From: Ayman al-Zawahiri
Date: May 3, 2001
The following is a summary of our situation: We are trying to return to our previous main activity [probably the merger]. The most important step was starting the school [training camps], the programs of which have been started. We also provided the teachers with means of conducting profitable trade as much as we could. Matters are all promising, except for the unfriendliness of two teachers, despite what we have provided for them. We are patient.
As you know, the situation below in the village [probably Egypt] has become bad for traders [jihadis]. Our Upper Egyptian relatives have left the market, and we are suffering from international monopolies. Conflicts take place between us for trivial reasons, due to the scarcity of resources. We are also dispersed over various cities. However, God had mercy on us when the Omar Brothers Company [the Taliban] here opened the market for traders and provided them with an opportunity to reorganize, may God reward them. Among the benefits of residence here is that traders from all over gather in one place under one company, which increases familiarity and cooperation among them, particularly between us and the Abdullah Contracting Company [bin Laden and his associates]. The latest result of this cooperation is … the offer they gave. Following is a summary of the offer:
Encourage commercial activities [jihad] in the village to face foreign investors; stimulate publicity; then agree on joint work to unify trade in our area. Close relations allowed for an open dialogue to solve our problems. Colleagues here believe that this is an excellent opportunity to encourage sales in general, and in the village in particular. They are keen on the success of the project. They are also hopeful that this may be a way out of the bottleneck to transfer our activities to the stage of multinationals and joint profit. We are negotiating the details with both sides …
Al-Zawahiri's proposal set off a storm of protest from some members of Islamic Jihad, who—again—favored focusing on the struggle against the Egyptian government. They accused al-Zawahiri of leading their group in dangerous directions.
To: Ayman al-Zawahiri
Date: Summer, 2001
Dear brother Abdullah al-Dayem:
[another name for al-Zawahiri]
… I disagree completely with the issue of sales and profits. These are not profits. They are rather a farce of compound losses. I believe that going on in this is a dead end, as if we were fighting ghosts or windmills. Enough of pouring musk on barren land.
I don't believe that we need to give indications of how this unplanned path will fail. All we need to do is to estimate the company's assets since the beginning of this last phase, then take inventory of what remains. Count the number of laborers in your farms [probably cells] at the mother's area [probably Egypt], then see if anyone has stayed. Consider any of the many projects where you enthusiastically participated. Did any of them succeed, other than the Badr external greenhouses, which enjoyed limited success?
All indicators point out that the place and time are not suitable for this type of agriculture. Cotton may not be planted in Siberia, just as apples cannot be planted in hot areas. I'm sure you are aware that wheat is planted in winter and cotton in summer. After all our efforts we haven't seen any crops in winter or summer.
This type of agriculture is ridiculous. It's as if we were throwing good seeds onto barren land.
In previous experiments where the circumstances and seeds were better we made major losses. Now everything has deteriorated. Ask those with experience in agriculture and history.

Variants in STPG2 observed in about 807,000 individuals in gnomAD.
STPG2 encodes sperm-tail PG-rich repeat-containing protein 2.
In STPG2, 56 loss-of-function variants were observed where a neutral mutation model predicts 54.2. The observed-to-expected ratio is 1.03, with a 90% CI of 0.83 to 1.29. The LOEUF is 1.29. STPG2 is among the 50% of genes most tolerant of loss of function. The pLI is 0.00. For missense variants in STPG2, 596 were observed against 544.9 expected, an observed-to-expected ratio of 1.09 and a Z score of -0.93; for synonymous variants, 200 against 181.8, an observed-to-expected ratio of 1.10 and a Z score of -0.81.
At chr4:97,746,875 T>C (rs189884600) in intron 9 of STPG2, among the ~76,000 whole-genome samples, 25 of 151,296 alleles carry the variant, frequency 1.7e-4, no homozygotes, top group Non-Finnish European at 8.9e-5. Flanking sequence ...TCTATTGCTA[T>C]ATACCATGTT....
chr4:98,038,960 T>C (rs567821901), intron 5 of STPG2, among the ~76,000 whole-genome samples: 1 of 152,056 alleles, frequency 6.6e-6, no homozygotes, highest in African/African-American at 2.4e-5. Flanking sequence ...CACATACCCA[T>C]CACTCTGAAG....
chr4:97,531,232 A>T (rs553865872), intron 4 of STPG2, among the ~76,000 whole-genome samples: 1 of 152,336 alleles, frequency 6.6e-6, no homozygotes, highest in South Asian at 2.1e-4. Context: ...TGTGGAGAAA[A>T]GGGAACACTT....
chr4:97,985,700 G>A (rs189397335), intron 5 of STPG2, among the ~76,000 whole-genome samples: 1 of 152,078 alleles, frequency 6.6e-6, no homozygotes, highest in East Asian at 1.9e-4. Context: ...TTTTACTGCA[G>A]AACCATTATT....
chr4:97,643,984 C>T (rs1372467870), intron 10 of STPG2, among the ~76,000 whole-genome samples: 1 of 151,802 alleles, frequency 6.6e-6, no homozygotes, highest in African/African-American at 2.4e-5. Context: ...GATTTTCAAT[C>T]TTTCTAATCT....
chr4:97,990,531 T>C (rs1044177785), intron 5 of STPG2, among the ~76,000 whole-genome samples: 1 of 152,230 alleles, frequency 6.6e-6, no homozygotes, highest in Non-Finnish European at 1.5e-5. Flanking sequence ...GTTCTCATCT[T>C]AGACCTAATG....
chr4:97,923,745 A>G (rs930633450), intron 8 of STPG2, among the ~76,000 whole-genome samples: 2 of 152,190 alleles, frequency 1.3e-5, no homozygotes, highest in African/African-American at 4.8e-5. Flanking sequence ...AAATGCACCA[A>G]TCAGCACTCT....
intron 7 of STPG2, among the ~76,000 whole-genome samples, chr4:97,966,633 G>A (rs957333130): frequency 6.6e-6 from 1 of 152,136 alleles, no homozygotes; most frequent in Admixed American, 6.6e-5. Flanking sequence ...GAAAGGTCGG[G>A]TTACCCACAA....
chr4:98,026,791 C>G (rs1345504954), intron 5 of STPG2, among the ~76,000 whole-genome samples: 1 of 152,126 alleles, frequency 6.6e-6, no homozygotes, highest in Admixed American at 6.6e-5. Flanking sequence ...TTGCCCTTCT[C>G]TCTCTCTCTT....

Despite the protests of certain Islamic Jihad members, a merger with al-Qaeda had been cemented in the spring of 2001, and in June the new group issued "Statement No. 1"—a press release of sorts, found on the computer, that warned the "Zionist and Christian coalition" that "they will soon roast in the same flame they now play with." The following month someone sat down at the computer and composed a short message, titled "The Solution," which trumpeted "martyrdom operations" as the key to the battle against the West. On August 23 another operative tapped out a report on a target-spotting mission in Egypt and Israel that had been carried out by Richard Reid—the British national who would later try to blow up a Paris-to-Miami airline flight with a bomb packed in one of his high-top sneakers. And on that same day in August the following plan for sending an agent on a target-spotting mission to the U.S.-Canadian border region was typed into the computer.
To: Real name unknown
Date: August 23, 2001
Special file for our brother Abu Bakr al-Albani ["the Albanian"] on the nature of his mission.
First, the mission: Gather information on:
1. Information on American soldiers who frequent nightclubs in the America-Canada border areas
2. The Israeli embassy, consulate, and cultural center in Canada
3. If it is possible to enter America and gather information on American soldier checkpoints, or on the American army in the border areas inside America
4. Information on the possibility of obtaining explosive devices inside Canada …
I have given to our brother $1,500 for travel expenses in Canada and America, and also the cost of the ticket for the trip back to us after four months, God willing.
The first evidence of work on the computer following 9/11 comes just days after the attacks, in the form of a promotional video called "The Big Job"—a montage of television footage of the attacks and their chaotic aftermath, all set to rousing victory music. The office was surely busier than it had ever been before, and soon many members of al-Qaeda's inner circle were competing for time on the computer. Ramzi bin al-Shibh, the senior Yemeni operative who coordinated with Khalid Sheikh Muhammad in masterminding the attacks, used the computer to work on a hasty and unfinished ideological justification for the operation, which he titled "The Truth About the New Crusade: A Ruling on the Killing of Women and Children of the Non-Believers," excerpts of which follow: